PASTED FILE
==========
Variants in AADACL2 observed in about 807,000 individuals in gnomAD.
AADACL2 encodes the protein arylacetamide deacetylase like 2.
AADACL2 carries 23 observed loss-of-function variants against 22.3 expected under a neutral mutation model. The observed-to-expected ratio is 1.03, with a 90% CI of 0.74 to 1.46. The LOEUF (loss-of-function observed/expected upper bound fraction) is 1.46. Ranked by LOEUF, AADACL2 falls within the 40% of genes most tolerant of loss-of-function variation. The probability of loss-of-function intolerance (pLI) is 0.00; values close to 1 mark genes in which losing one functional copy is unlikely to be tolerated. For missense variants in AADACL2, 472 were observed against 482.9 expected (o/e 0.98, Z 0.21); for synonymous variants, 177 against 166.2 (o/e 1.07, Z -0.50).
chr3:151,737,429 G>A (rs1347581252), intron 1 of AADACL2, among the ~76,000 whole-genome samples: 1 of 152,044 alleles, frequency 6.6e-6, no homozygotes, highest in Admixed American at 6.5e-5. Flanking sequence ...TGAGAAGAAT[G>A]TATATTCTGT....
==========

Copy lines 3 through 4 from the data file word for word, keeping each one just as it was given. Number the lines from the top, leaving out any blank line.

AADACL2 carries 23 observed loss-of-function variants against 22.3 expected under a neutral mutation model. The observed-to-expected ratio is 1.03, with a 90% CI of 0.74 to 1.46. The LOEUF (loss-of-function observed/expected upper bound fraction) is 1.46. Ranked by LOEUF, AADACL2 falls within the 40% of genes most tolerant of loss-of-function variation. The probability of loss-of-function intolerance (pLI) is 0.00; values close to 1 mark genes in which losing one functional copy is unlikely to be tolerated. For missense variants in AADACL2, 472 were observed against 482.9 expected (o/e 0.98, Z 0.21); for synonymous variants, 177 against 166.2 (o/e 1.07, Z -0.50).
chr3:151,737,429 G>A (rs1347581252), intron 1 of AADACL2, among the ~76,000 whole-genome samples: 1 of 152,044 alleles, frequency 6.6e-6, no homozygotes, highest in Admixed American at 6.5e-5. Flanking sequence ...TGAGAAGAAT[G>A]TATATTCTGT....